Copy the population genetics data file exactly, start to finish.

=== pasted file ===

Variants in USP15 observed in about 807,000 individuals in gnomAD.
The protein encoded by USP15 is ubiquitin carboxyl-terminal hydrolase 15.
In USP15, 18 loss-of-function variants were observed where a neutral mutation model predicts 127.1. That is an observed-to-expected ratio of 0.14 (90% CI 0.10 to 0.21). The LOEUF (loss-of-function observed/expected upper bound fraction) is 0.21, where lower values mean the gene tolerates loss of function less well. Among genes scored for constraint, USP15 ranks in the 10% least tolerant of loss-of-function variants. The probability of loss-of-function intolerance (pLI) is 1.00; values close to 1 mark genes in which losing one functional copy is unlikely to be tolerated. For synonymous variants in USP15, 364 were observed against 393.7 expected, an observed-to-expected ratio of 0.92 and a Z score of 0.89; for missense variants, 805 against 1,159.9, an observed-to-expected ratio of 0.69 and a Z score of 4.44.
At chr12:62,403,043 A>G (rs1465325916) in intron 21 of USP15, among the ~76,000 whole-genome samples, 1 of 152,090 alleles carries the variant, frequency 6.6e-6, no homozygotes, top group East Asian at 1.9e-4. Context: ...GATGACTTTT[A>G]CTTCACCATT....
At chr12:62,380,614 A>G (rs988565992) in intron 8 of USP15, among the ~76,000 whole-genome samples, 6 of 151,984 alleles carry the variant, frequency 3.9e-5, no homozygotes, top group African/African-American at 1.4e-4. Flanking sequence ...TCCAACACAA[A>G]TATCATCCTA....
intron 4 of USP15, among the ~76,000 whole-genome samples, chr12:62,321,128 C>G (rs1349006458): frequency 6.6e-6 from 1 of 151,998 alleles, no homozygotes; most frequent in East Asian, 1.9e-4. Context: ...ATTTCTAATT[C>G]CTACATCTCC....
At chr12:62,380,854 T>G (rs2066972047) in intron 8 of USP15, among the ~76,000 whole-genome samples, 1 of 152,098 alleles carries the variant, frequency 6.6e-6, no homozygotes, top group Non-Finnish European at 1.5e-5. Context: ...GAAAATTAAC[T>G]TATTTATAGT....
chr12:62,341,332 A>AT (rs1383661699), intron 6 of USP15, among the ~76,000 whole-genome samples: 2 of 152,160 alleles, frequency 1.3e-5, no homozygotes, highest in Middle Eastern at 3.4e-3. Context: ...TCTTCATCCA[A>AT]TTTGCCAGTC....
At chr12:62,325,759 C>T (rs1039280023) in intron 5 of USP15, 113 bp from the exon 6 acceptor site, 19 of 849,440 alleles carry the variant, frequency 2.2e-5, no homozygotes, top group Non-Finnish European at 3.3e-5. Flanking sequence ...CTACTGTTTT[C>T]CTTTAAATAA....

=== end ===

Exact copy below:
Variants in USP15 observed in about 807,000 individuals in gnomAD.
The protein encoded by USP15 is ubiquitin carboxyl-terminal hydrolase 15.
In USP15, 18 loss-of-function variants were observed where a neutral mutation model predicts 127.1. That is an observed-to-expected ratio of 0.14 (90% CI 0.10 to 0.21). The LOEUF (loss-of-function observed/expected upper bound fraction) is 0.21, where lower values mean the gene tolerates loss of function less well. Among genes scored for constraint, USP15 ranks in the 10% least tolerant of loss-of-function variants. The probability of loss-of-function intolerance (pLI) is 1.00; values close to 1 mark genes in which losing one functional copy is unlikely to be tolerated. For synonymous variants in USP15, 364 were observed against 393.7 expected, an observed-to-expected ratio of 0.92 and a Z score of 0.89; for missense variants, 805 against 1,159.9, an observed-to-expected ratio of 0.69 and a Z score of 4.44.
At chr12:62,403,043 A>G (rs1465325916) in intron 21 of USP15, among the ~76,000 whole-genome samples, 1 of 152,090 alleles carries the variant, frequency 6.6e-6, no homozygotes, top group East Asian at 1.9e-4. Context: ...GATGACTTTT[A>G]CTTCACCATT....
At chr12:62,380,614 A>G (rs988565992) in intron 8 of USP15, among the ~76,000 whole-genome samples, 6 of 151,984 alleles carry the variant, frequency 3.9e-5, no homozygotes, top group African/African-American at 1.4e-4. Flanking sequence ...TCCAACACAA[A>G]TATCATCCTA....
intron 4 of USP15, among the ~76,000 whole-genome samples, chr12:62,321,128 C>G (rs1349006458): frequency 6.6e-6 from 1 of 151,998 alleles, no homozygotes; most frequent in East Asian, 1.9e-4. Context: ...ATTTCTAATT[C>G]CTACATCTCC....
At chr12:62,380,854 T>G (rs2066972047) in intron 8 of USP15, among the ~76,000 whole-genome samples, 1 of 152,098 alleles carries the variant, frequency 6.6e-6, no homozygotes, top group Non-Finnish European at 1.5e-5. Context: ...GAAAATTAAC[T>G]TATTTATAGT....
chr12:62,341,332 A>AT (rs1383661699), intron 6 of USP15, among the ~76,000 whole-genome samples: 2 of 152,160 alleles, frequency 1.3e-5, no homozygotes, highest in Middle Eastern at 3.4e-3. Context: ...TCTTCATCCA[A>AT]TTTGCCAGTC....
At chr12:62,325,759 C>T (rs1039280023) in intron 5 of USP15, 113 bp from the exon 6 acceptor site, 19 of 849,440 alleles carry the variant, frequency 2.2e-5, no homozygotes, top group Non-Finnish European at 3.3e-5. Flanking sequence ...CTACTGTTTT[C>T]CTTTAAATAA....